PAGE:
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The Palmer museum was one of the things that drew me to this area. Old growth forests within a bike ride of world class art. I don't love every show, but I try to catch every one and grow a bit in the process. Sometimes it's easy: the Rembrandt etchings were amazing, and I went every day. Memories of the Chihuli glass displayed on black tables still makes me catch my breath. The Rodin sculptures and the accompanying film showing the casting of the Gates of Hell had me speechless every time I stepped into the gallery.

Other times, I'm not so intrigued; but I always feel a visit is rewarding.

Currently, there's a show featuring work collected by the Grey Art Gallery at NYU, and it's one of the better opportunities. If you get a chance to see it, don't pass it up. It isn't often that we get Helen Frankenthaler, Robert Motherwell, or Keneth Noland in Centre County. Throw in an early Philip Perlstein, at first seemingly an odd inclusion, and there's a great reason to walk across campus at lunch.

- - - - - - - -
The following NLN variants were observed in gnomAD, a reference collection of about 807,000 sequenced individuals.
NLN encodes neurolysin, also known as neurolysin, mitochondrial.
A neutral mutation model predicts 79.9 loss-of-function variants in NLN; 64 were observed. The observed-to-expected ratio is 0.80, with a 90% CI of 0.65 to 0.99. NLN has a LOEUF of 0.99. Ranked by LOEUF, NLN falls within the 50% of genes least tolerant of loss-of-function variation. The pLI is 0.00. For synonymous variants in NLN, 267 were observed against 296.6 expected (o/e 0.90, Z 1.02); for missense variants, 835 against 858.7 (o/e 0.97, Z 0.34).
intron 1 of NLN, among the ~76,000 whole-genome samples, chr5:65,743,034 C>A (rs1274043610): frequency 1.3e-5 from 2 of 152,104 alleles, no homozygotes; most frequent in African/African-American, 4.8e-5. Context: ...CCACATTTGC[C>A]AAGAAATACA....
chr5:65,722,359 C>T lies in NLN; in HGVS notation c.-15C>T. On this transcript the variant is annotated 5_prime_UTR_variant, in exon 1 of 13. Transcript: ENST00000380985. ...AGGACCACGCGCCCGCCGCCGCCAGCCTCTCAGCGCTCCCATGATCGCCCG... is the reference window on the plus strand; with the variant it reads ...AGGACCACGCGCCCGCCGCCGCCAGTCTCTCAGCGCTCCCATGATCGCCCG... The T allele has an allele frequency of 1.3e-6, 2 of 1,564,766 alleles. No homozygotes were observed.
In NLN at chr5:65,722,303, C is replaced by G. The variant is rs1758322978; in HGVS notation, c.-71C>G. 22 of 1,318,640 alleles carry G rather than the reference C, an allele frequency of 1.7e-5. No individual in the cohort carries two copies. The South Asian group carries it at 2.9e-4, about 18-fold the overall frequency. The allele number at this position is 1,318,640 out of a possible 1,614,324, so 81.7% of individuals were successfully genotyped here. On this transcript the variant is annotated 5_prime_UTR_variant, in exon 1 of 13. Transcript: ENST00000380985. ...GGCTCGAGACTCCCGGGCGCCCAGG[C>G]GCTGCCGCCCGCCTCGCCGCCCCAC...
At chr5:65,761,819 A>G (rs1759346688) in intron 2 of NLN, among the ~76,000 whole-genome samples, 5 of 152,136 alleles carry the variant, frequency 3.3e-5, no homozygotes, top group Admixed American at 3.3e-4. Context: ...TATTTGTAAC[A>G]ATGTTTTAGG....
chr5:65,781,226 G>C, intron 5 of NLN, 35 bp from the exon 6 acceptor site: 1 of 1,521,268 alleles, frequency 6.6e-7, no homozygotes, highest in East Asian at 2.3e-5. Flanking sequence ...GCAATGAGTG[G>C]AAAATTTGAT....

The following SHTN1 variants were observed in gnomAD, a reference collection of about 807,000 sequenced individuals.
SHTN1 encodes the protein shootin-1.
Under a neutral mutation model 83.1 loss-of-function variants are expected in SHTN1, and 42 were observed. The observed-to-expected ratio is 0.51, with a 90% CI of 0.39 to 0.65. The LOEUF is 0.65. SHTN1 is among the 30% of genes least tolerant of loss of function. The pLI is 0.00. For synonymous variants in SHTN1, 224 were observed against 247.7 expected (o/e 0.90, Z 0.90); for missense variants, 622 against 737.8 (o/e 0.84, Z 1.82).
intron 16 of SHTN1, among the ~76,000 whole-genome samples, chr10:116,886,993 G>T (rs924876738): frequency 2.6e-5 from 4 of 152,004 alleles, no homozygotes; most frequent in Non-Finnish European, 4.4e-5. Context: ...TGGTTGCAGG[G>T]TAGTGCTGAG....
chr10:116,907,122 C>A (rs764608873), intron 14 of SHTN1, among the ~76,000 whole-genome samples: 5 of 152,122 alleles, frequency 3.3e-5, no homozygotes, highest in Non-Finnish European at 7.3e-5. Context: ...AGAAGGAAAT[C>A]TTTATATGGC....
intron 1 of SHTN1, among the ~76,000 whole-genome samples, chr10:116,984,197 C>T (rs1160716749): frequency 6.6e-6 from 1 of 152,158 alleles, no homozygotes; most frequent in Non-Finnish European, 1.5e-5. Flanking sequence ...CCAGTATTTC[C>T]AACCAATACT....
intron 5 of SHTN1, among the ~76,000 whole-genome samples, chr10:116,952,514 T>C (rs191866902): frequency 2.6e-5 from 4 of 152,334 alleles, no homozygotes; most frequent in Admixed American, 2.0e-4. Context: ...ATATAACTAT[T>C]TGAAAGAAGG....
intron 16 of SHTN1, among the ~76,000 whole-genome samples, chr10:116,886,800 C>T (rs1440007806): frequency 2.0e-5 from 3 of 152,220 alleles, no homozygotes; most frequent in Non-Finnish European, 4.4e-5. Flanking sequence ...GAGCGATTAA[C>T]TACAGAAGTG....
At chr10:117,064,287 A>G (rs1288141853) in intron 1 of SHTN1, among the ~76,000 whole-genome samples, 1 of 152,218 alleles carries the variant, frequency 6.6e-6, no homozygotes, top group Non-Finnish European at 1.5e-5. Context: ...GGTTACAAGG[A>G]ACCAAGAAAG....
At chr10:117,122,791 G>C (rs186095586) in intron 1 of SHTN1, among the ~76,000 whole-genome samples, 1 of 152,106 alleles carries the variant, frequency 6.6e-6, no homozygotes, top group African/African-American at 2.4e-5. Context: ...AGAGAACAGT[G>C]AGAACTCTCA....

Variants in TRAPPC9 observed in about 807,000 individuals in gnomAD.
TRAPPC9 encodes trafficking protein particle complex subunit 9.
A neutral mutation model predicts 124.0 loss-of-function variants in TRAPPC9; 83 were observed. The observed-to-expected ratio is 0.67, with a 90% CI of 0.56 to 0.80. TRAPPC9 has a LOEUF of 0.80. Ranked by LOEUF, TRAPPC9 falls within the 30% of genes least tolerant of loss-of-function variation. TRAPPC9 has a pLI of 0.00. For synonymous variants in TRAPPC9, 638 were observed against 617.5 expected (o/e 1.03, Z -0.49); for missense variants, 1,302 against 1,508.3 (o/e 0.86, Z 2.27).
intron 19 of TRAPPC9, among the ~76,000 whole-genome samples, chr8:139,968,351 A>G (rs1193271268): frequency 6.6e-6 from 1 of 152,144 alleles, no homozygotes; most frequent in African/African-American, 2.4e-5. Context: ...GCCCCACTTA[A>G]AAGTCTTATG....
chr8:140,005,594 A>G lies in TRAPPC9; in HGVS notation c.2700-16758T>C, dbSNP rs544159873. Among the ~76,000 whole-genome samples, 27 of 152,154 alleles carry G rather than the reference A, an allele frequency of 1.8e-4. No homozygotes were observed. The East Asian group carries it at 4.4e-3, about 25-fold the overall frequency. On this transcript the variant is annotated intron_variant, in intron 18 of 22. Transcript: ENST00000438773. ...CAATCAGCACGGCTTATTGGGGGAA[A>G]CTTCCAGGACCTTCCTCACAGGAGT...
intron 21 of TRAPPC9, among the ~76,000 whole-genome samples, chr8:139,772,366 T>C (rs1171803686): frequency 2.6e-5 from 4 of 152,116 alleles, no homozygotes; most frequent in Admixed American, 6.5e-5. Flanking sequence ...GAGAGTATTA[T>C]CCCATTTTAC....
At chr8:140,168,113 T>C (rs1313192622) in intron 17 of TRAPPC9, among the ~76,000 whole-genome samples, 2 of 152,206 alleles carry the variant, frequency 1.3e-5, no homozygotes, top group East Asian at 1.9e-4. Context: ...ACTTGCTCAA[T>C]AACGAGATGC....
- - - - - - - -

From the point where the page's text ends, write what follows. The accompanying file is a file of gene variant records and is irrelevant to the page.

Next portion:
I would have loved some monumental Rothko pieces and a few enveloping Pollocks; but I guess historical purity has them present only by influence. And besides, it's free.

Penn State
April 18, Symposium 2009; reimagine.
New content. Symposium 2008.Digital Commons at Penn State. Improve the workplace; hire for variety.

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